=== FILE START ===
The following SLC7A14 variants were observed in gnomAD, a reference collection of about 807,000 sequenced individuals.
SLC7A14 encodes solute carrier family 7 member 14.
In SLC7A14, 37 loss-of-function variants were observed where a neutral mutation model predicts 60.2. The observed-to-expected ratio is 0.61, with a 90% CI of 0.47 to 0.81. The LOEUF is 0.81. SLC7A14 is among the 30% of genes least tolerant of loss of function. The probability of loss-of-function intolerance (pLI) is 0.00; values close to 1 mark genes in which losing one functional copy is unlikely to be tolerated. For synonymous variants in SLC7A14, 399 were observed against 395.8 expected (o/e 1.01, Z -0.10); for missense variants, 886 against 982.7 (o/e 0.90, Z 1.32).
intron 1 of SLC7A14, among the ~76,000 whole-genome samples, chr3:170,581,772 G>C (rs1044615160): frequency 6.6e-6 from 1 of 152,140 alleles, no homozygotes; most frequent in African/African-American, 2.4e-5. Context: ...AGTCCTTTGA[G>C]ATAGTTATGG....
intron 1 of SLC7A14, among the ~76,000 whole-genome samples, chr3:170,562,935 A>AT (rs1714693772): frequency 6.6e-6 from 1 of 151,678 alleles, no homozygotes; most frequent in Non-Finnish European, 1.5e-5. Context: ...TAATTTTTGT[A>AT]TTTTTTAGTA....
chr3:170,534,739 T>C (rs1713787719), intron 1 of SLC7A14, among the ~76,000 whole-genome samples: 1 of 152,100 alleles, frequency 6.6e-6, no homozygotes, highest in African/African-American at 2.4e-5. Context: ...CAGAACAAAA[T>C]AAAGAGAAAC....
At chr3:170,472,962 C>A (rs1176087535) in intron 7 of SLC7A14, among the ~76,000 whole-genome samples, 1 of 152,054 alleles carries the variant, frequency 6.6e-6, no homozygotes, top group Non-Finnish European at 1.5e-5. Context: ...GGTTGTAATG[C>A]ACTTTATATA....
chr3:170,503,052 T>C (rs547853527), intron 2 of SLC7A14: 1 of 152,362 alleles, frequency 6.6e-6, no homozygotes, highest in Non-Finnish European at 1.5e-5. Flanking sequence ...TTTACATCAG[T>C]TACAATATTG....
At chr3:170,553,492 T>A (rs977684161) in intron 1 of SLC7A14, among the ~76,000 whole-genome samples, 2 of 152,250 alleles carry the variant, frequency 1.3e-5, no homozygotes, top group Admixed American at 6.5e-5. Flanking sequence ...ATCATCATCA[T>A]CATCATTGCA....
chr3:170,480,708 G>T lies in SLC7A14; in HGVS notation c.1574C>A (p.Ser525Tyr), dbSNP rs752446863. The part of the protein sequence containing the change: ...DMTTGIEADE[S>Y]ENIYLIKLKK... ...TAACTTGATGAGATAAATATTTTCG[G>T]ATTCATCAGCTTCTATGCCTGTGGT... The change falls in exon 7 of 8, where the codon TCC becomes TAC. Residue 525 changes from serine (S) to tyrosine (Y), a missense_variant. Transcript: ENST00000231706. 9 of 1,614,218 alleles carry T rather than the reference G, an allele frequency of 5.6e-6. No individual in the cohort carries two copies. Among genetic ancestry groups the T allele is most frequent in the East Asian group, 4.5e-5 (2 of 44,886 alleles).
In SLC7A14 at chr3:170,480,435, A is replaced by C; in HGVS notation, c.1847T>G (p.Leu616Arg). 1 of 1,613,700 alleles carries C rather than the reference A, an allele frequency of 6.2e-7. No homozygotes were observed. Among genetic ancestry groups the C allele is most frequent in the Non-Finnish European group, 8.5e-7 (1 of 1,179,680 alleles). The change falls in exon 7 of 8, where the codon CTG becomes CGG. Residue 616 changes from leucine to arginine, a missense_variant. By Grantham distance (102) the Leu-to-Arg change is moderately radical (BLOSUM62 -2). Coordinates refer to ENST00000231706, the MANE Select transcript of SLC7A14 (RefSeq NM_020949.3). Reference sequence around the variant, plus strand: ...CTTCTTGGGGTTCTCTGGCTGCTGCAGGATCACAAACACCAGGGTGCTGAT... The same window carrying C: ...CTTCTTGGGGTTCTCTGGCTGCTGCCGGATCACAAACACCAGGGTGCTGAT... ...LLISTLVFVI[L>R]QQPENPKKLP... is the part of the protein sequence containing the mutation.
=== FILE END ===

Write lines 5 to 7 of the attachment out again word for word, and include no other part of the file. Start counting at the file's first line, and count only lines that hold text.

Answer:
intron 1 of SLC7A14, among the ~76,000 whole-genome samples, chr3:170,562,935 A>AT (rs1714693772): frequency 6.6e-6 from 1 of 151,678 alleles, no homozygotes; most frequent in Non-Finnish European, 1.5e-5. Context: ...TAATTTTTGT[A>AT]TTTTTTAGTA....
chr3:170,534,739 T>C (rs1713787719), intron 1 of SLC7A14, among the ~76,000 whole-genome samples: 1 of 152,100 alleles, frequency 6.6e-6, no homozygotes, highest in African/African-American at 2.4e-5. Context: ...CAGAACAAAA[T>C]AAAGAGAAAC....
At chr3:170,472,962 C>A (rs1176087535) in intron 7 of SLC7A14, among the ~76,000 whole-genome samples, 1 of 152,054 alleles carries the variant, frequency 6.6e-6, no homozygotes, top group Non-Finnish European at 1.5e-5. Context: ...GGTTGTAATG[C>A]ACTTTATATA....